Cited 19 time in webofscience Cited 17 time in scopus

beta 1-integrin-dependent migration of microglia in response to neuron-released alpha-synuclein

Title
beta 1-integrin-dependent migration of microglia in response to neuron-released alpha-synuclein
Authors
Kim, ChangyounCho, Eun-DeokKim, Hyung-KooYou, SungyongLee, He-JinHwang, Dae HeeLee, Seung-Jae
DGIST Authors
Hwang, Dae Hee
Issue Date
2014-04
Citation
Experimental and Molecular Medicine, 46
Type
Article
Article Type
Article
Keywords
PARKINSONS-DISEASEAMYLOID-BETAINDUCED NEUROTOXICITYALZHEIMERS-DISEASECELL-DEATHACTIVATIONINTEGRINSPROMOTESEXOCYTOSISRECEPTOR
ISSN
1226-3613
Abstract
Chronic neuroinflammation is an integral pathological feature of major neurodegenerative diseases. The recruitment of microglia to affected brain regions and the activation of these cells are the major events leading to disease-associated neuroinflammation. In a previous study, we showed that neuron-released α-synuclein can activate microglia through activating the Toll-like receptor 2 (TLR2) pathway, resulting in proinflammatory responses. However, it is not clear whether other signaling pathways are involved in the migration and activation of microglia in response to neuron-released α-synuclein. In the current study, we demonstrated that TLR2 activation is not sufficient for all of the changes manifested by microglia in response to neuronreleased α-synuclein. Specifically, the migration of and morphological changes in microglia, triggered by neuron-released α-synuclein, did not require the activation of TLR2, whereas increased proliferation and production of cytokines were strictly under the control of TLR2. Construction of a hypothetical signaling network using computational tools and experimental validation with various peptide inhibitors showed that α1-integrin was necessary for both the morphological changes and the migration. However, neither proliferation nor cytokine production by microglia was dependent on the activation of α1-integrin. These results suggest that α1-integrin signaling is specifically responsible for the recruitment of microglia to the diseaseaffected brain regions, where neurons most likely release relatively high levels of α-synuclein. © 2014.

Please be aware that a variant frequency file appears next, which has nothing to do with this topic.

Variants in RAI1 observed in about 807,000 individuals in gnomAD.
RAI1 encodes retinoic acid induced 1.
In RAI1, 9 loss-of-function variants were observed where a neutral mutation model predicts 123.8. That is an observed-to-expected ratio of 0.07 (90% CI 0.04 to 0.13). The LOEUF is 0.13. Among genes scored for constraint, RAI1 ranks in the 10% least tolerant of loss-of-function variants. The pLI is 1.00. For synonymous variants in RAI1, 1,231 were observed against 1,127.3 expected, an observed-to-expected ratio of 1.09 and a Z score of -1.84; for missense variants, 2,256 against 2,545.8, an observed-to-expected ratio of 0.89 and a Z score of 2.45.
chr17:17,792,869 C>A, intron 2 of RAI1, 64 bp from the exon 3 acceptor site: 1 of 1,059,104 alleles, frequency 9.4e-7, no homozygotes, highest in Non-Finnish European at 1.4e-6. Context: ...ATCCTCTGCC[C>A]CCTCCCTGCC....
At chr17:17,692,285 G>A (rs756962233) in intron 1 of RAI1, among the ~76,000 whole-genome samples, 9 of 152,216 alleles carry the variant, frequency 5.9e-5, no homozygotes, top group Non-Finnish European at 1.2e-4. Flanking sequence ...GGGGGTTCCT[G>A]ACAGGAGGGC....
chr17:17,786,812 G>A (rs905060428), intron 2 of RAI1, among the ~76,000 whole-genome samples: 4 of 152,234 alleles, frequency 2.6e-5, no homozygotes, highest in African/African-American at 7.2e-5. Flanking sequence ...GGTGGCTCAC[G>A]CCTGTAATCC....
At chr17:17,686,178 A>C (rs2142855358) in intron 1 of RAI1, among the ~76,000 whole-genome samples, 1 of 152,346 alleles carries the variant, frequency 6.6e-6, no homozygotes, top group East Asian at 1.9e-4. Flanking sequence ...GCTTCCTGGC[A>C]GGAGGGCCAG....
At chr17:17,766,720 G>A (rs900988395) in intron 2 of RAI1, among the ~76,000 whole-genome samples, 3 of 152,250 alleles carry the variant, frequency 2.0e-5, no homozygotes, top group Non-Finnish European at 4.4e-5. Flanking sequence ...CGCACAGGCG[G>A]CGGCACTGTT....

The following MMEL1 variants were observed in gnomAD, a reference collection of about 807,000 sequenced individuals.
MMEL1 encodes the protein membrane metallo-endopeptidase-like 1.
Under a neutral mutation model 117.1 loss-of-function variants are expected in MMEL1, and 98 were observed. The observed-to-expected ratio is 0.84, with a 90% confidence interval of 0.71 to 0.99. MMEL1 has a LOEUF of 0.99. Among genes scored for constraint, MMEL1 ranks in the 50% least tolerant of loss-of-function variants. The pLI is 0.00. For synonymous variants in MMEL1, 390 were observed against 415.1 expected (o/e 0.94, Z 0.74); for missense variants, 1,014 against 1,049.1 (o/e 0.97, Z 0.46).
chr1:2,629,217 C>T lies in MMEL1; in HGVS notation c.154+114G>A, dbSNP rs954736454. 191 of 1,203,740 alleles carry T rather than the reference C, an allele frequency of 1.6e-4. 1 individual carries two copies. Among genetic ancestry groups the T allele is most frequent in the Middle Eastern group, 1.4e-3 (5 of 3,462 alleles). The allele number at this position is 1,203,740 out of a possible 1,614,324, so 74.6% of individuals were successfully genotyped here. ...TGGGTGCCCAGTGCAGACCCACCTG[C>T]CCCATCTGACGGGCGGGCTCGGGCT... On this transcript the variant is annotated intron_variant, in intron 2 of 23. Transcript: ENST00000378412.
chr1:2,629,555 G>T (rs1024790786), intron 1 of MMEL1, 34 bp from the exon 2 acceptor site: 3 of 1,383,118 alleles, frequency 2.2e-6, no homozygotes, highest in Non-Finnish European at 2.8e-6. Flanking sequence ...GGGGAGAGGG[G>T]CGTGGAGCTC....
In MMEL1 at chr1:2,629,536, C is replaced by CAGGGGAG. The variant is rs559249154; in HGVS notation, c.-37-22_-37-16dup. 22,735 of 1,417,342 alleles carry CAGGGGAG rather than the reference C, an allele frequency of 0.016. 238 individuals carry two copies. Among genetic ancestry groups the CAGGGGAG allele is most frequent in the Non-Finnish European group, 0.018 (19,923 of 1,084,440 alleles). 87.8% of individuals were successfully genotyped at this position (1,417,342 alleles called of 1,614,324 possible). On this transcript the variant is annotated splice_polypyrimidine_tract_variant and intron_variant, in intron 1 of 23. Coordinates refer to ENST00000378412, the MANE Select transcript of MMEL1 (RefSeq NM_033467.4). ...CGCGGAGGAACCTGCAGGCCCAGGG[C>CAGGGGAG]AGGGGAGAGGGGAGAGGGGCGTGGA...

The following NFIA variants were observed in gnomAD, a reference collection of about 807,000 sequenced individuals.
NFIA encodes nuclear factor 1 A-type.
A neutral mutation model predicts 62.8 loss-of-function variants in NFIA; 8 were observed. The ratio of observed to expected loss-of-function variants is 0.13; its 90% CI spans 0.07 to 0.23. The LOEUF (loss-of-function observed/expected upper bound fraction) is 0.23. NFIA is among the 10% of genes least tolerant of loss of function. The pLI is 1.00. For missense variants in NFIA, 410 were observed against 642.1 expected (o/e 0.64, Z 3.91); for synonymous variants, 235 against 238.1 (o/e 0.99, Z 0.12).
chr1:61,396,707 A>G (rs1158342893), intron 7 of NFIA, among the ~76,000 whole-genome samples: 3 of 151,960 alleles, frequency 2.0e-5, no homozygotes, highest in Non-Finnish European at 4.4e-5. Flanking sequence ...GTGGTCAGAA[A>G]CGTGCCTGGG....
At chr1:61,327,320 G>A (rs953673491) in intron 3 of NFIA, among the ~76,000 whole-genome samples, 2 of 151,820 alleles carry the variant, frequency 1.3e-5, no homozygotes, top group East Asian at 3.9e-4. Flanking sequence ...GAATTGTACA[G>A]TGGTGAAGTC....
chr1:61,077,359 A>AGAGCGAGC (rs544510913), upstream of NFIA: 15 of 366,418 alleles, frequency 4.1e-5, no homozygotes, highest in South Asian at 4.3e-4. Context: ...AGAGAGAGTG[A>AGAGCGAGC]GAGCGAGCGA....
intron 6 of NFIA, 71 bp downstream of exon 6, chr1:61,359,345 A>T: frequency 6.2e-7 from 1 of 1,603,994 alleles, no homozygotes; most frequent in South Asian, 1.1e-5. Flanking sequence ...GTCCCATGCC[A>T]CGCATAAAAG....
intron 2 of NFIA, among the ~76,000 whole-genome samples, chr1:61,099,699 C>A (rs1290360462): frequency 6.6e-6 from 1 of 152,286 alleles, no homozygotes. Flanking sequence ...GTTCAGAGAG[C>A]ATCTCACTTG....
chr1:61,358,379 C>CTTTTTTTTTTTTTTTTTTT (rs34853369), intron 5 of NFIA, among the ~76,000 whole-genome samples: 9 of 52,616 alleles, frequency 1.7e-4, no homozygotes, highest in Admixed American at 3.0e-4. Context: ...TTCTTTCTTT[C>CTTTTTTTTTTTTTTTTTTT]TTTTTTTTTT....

URI
http://hdl.handle.net/20.500.11750/5814
DOI
10.1038/emm.2014.6
Publisher
Nature Publishing Group
Related Researcher
  • Author Hwang, Dae Hee Systems Biology and Medicine Lab
  • Research Interests Multilayered spatiotemporal networks; Regulatory motifs or pathways; Metabolite-protein networks; Network stochasticity; Proteomics and informatics
Files:
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Collection:
Department of New BiologySystems Biology and Medicine Lab1. Journal Articles


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